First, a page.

Set in Northern Canada in a dystopian future GABRIEL GOODE, a doctor specializing in limb regeneration, travels from the decrepit metropolis of 'City' to the barren regions of the north. His assignment: heal the invalid daughter of a wealthy, but morally corrupt, water exporter. He arrives at the family's mining compound with his own past haunting him. There, Gabriel risks everything in order to confront his darkness and find his heart.Written by
The Limb Salesman is a science fiction love story written and directed by Anais Granofsky, whom you may know better as 'Lucy' from Degrassi Junior High.
It's always fun to write reviews of bad movies, and I feared that most films screened at the Toronto film festival would be of a certain caliber since they were clearly chosen by educated programming directors and screening committees. Lucky for me I forgot about one thing-- independent Canadian cinema.
First off, the movie is shot on video, so it has that great cheap made-in-my-basement Canadian feel to it. Not necessarily the best choice for a quasi-futuristic sci-fi romantic epic -it reeks of a final-year school project.
It takes place in a dystopian future that is part cybergrunge and part Victorian period piece. And since it's shot on video, it looks like what I imagine would happen if the Wachowski brothers directed an episode of Road to Avonlea (it even features Jackie Burroughs!)
The premise? Cellular regeneration and genetic engineering are blackmarket specials for the 'limb salesman' who is hired by an industrialist to give his stumpy daughter some real legs to walk around on. Meanwhile there is a subplot of a social uprising of the working class- miners that exist entirely offscreen. 'I just came from the mines,' explain characters, 'there's been a horrible accident of which you'll have to take my word!'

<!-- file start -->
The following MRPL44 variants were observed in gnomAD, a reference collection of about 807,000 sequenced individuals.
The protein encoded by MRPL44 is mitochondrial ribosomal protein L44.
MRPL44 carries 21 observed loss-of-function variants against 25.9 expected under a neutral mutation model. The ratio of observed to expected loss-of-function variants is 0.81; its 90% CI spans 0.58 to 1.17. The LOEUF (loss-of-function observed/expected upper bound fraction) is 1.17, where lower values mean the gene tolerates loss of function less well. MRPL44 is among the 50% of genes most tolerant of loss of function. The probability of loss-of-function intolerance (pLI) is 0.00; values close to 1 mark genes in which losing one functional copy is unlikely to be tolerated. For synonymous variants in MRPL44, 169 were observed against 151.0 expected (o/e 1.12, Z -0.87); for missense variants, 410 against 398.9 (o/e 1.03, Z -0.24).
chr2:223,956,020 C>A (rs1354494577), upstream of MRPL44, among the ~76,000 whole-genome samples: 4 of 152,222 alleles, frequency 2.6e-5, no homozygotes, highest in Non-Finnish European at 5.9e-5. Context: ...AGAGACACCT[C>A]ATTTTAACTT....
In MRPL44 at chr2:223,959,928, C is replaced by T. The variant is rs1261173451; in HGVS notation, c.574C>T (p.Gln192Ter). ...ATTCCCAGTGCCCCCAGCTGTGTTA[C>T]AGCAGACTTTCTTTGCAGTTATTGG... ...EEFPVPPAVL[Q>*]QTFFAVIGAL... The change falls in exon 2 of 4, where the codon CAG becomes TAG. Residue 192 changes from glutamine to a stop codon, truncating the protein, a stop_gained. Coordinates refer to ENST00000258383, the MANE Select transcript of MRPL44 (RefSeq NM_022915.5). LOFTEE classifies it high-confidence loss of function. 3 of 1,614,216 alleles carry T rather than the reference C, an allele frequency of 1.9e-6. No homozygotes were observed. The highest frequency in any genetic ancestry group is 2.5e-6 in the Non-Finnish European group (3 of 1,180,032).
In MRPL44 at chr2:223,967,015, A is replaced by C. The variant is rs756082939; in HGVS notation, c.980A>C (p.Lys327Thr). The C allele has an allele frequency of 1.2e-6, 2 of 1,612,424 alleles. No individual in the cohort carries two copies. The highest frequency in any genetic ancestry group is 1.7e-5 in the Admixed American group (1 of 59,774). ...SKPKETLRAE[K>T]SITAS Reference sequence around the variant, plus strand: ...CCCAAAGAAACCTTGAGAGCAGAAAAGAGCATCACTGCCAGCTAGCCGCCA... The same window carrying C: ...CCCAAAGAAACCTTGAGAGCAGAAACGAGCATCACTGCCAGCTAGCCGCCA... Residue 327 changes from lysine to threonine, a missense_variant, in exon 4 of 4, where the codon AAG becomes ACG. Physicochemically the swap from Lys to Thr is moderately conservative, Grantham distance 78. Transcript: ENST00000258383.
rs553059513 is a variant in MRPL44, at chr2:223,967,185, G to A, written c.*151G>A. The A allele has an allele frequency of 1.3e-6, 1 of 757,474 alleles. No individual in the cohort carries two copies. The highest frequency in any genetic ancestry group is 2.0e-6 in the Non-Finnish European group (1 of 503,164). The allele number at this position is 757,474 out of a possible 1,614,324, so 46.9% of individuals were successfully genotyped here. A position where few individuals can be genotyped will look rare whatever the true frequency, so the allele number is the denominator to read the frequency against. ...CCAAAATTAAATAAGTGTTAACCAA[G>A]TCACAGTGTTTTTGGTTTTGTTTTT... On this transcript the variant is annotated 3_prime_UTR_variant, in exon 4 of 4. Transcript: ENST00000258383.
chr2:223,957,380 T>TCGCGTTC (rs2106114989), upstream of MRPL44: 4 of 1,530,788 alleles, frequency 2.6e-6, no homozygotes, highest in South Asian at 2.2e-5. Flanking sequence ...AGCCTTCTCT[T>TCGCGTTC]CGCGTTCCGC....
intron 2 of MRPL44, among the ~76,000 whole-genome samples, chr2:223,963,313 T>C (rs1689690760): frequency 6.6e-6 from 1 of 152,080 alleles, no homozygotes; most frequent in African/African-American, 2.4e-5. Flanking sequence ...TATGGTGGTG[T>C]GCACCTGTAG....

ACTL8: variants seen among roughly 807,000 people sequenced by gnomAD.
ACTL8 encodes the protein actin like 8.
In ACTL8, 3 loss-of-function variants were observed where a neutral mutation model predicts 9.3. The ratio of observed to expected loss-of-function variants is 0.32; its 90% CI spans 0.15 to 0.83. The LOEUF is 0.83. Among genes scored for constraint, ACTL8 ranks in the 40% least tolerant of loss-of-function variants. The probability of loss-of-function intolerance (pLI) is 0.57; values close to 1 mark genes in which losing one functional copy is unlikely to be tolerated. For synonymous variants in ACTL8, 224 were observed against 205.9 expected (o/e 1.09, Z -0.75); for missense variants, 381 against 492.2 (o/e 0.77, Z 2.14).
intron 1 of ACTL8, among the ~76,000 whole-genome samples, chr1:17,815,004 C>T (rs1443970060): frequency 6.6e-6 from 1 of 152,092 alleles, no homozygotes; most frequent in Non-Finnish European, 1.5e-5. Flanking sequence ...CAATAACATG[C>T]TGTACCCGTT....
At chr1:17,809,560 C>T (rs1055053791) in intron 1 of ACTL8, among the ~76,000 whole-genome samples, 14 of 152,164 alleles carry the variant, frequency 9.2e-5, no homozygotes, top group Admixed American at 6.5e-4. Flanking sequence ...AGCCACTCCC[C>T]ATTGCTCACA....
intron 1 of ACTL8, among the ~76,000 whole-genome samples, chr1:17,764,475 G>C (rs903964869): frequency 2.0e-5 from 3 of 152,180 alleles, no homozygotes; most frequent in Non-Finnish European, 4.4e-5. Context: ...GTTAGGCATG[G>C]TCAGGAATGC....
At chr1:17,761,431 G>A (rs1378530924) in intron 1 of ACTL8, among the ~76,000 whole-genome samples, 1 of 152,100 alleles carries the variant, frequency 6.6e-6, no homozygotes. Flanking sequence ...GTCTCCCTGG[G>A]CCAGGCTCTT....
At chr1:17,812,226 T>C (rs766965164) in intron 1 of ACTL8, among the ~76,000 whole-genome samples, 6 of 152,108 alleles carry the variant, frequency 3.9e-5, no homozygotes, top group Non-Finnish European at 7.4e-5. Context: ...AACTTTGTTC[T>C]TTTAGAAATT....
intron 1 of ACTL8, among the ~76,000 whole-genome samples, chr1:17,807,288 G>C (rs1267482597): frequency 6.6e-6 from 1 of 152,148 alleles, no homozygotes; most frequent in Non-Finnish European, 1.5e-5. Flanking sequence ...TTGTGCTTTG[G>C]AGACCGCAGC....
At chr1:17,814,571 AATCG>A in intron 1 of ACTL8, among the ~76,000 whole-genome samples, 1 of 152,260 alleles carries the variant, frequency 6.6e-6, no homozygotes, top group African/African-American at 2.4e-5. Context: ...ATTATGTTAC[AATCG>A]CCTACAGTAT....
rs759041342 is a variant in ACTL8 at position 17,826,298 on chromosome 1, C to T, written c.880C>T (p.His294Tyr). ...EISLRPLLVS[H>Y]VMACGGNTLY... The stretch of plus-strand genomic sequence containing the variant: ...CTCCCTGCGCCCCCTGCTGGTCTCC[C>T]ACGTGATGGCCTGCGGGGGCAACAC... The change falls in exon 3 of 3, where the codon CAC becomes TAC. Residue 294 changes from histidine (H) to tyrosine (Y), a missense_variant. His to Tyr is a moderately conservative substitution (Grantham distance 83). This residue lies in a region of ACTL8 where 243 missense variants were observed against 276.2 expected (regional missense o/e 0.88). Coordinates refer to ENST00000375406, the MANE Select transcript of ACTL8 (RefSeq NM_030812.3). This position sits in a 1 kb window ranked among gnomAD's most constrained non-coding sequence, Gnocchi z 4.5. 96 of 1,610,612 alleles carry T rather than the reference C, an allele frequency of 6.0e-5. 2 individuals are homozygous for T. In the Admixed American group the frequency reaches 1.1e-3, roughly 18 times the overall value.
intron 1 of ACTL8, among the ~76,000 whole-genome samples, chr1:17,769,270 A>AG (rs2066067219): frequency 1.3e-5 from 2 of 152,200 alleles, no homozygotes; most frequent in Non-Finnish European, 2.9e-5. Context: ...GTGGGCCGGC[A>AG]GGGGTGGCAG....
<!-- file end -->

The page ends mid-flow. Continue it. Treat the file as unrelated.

For a move that tries to take itself as seriously and as epic as The Matrix it is devoid of any and all special effects. The wardrobe looks like it was found entirely at a flea market or at Value Village and the whole thing is laced with horrible unnatural dialogue delivered in stiff, high school acting (fitting, I suppose, that it was directed by a Degrassi alumnus).
'Your day will come!' 'Are you finished?' 'Quite!'
It was all I could do to not roll my eyes every 5 minutes when another sci-fi cliché was introduced into the story, such as this beauty: The world's most expensive, precious commodity? You guessed it. Water. $100 shotglasses of the stuff are sipped with comically orgasmic effects. I guess the writers forgot to notice that they situated the entire movie in a house surrounded by fields and fields of waist-high snow. 'I long to see the ocean,' laments a character, clutching a tattered postcard of some tropical locale. 'I long for the credits to start rolling,' laments this moviegoer.
Doors are locked with thumb-print scanners, hybird computers (poorly ripped off from Gilliam's Brazil) and CD-ROMs comprise some of the 'futuristic' technology but for some reason people still listen to Victrolas.
This movie takes itself so seriously it is laughable. I only wish I could see it again as an episode of Mystery Science Theatre 3000.
Oh and the irony? Our regenerative specialist, the limb salesman (appropriately stupidly named Gabriel Goode), has a failing heart. Which of course is prime fodder for the all the romantic melodrama.
Steering clear of this one should be easy, as I can't imagine you'll ever see it in theaters. 1/ 10
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